When “We” Is Missing

My thanks to those who commented on my last blog (Make Time to Transition) showing readers’ appreciation for the concept of developing a “we” awareness with all life. 

An essential aspect of ecospirituality is just that: becoming ever more conscious of the sacred interdependence of all creation. Our brains were wired otherwise for centuries, so it takes time and awareness to transition from thinking of everything as separate and in either-or categories that often result in unhappy hierarchies and thinking in us-them, win-lose headings. Our brains have to develop new pathways to become comfortable with the truth that, as Thich Nhat Hahn says, creation actually does more than interrelate; it “interbe” ’s.

Fortunately, this “we” mentality is becoming more common and is fostered by talks, books, articles, organizations, and heartening exchanges such as this one:
“I try to be a ‘we’ in the activities and associations I live with. You know how much I love the sea and, in respecting its purity and dealing with its violence, I have developed a “we” level of respect for it.” 

St. Francis “got” the relationships within existence long ago. Various scientific and religious advances have been nudging us all toward a greater development of a “we” mentality and its resulting active care for all creation. Pope Francis laid the foundation of his first encyclical on Francis’ worldview, and he starts Chapter Four of Laudato Si’ with this paragraph, bolding by me:
“Since everything is closely interrelated, and today’s problems call for a vision capable of taking into account every aspect of the global crisis, I suggest that we now consider some elements of an integral ecology, one which clearly respects its human and social dimensions.” (par. 137)

But what about the many examples of lack of respect? Daily news causes real pain to many when it documents absence of respect
. for the unborn, now and future generations;
. for infants and children from causes ranging from separation from parents to lack of clean water, shelter and nourishment;
. for those with whom we disagree or who have perhaps wronged us;
. for the “other,” the less fortunate, for those fleeing war, violence, and climate disasters;
. for air, water, soil, flora and fauna;
. for endangered species;
. for those reporting demonstrable truth;
. for the governed by autocratic or narcissistic leaders in many countries.…

Being disrespectful and belligerent toward people we judge responsible only worsens the situation, because even negative energy affords them energy — and it shows limits to our own sense of “we.” As with the benefits of grieving for extinct or endangered species, perhaps we would profit from grieving the lack of respect that saddens or enrages us.

If you agree that grieving would be helpful, you might want to use or adapt the following ritual. For a 2-sided pdf, contact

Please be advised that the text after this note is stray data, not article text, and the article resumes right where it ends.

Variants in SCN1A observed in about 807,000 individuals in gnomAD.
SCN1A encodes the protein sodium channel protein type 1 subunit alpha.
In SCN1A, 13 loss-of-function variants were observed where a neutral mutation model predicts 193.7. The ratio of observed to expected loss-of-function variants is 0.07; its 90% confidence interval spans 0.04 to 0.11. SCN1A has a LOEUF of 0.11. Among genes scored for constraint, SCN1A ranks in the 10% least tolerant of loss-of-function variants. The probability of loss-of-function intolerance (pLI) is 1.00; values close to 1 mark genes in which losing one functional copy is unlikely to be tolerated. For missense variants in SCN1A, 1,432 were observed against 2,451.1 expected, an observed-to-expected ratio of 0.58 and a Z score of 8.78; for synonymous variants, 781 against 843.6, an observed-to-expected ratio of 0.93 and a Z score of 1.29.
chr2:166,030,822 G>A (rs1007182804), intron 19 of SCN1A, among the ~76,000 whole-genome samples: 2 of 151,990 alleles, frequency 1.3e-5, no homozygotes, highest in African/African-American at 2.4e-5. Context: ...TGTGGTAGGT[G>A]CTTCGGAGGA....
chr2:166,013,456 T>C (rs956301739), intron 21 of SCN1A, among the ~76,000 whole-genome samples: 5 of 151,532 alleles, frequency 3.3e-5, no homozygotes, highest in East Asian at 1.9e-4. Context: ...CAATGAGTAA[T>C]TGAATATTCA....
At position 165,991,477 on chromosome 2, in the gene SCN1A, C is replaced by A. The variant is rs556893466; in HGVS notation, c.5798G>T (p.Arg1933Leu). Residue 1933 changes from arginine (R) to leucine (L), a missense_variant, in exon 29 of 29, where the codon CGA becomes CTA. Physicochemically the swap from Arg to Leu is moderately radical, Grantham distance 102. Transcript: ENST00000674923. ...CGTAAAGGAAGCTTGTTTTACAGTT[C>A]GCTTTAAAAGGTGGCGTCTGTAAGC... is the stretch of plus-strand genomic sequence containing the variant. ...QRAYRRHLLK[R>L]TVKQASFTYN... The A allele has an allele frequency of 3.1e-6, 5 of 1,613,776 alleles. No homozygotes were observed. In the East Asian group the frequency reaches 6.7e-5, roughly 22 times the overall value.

Grieving the Absence of “We”

BEGIN: Breathe deeply, grateful for the gift of life-giving air. Remember that we are part of our sacred interconnected creation that has existed for billions of years, and that invisible atoms connect us to everything else in the Universe. No one and no threats can endanger the continuance of the Universe Story in which we are embedded. Be grateful to know, and to be part of, this story.

READ TOGETHER: “Today, in my body I bear the story of the birth and evolution of all creation. My cells are alive with the echoes of the movement from nothingness-into-being. This is the heritage I share with every other created thing, a common ancestry of forces, particles, swirling clouds of matter and stars, unfolded within the activity of the Creator.”    Toni Nash, CSJ

BRING TO MIND the news that disturbs and demonstrates denial of the truth of our unity. Allow yourself time to LAMENT, using a litany something like this one:

I treasure our planet Earth. I grieve the reluctance or refusal to act to limit human-caused climate destruction. I lament the denial or unawareness that we are all interconnected, what we do to others, including our resources, we ultimately do to ourselves. (Pause to feel the pain of this loss.)

I treasure human life. I grieve the attacks upon it by all methods of violence. I lament the denial or unawareness that we are all interconnected, what we do to others, we ultimately do to ourselves. (Pause to feel the pain of this threat.)

I treasure …. 

LISTEN Lyrics for lamentation usually focus on human or species loss. I recommend the following music that we can “feel” without knowing the translation. Skip any ads: 

Ishbel MacAskill, Gradh Geal Mo Chridh, 4.27 min.:


REMEMBER and be grateful for people and groups striving to help us become more aware of our “we”ness with all creation. Use a litany following a pattern something like this:

I give thanks for Deep Time Journey Network [and/or similar groups groups] because they are working for greater awareness of unity.

I give thanks for my prayer group, because discussing unity with them helps me remember that I am part of a sacred global community.

I give thanks for .…

How can I contribute to greater global awareness of “we”ness leading to respect for all creation? 

SHARING, if in a group.

LISTEN TO OR SING any song of hope. Some examples:

Morehouse College – We Shall Overcome – YouTube

Keep Holding On – Avril Lavigne (lyrics) – YouTube

Here Comes The Sun – The Beatles Tribute – YouTube**

** Feel yourself rotating toward the Sun.

City of God dan schutte – YouTube

Mutual hugs and well-wishing might be appropriate!

Make Time to Transition

Recently I went to Chicago’s Macy’s to meet a friend for lunch in a restaurant there that is frequented by so few people that it’s possible to converse with no strain of hearing. 

Entering the building, people are asked to use the revolving doors to pass between the Chicago streets on one side and the shopping area on the other. That’s not unique; many places use this clever invention to limit the wind on cold days, something especially helpful in this Windy City. A regular door is available for those who cannot manage the revolving one, but the inner and outer air are immediately mixed. When one is in the revolving door, one is on neither side. It’s a transition spot.

Perhaps it was the shock of leaving the chilly air-conditioning and walking smack into  the oppressive heat that prompted my reflection on transition times. I wished I had had more time to adjust between extremes. Might that offer some wisdom for our troubled times?

 It seems to me that many people are overwhelmed by the changes in our culture, lifestyles, technology, values. The existing problems of inequality, pollution, environmental destruction, violence, migrations, isms, group hostilities, fill-in-the-blank are so overwhelming that we often feel helpless and hopeless. We cheer those making untiring efforts, but also see people making every effort to shore up the failing order and justify the continuance of structures that we know threaten our future. Fear and frustration — and worse — are tempting, but useless, responses.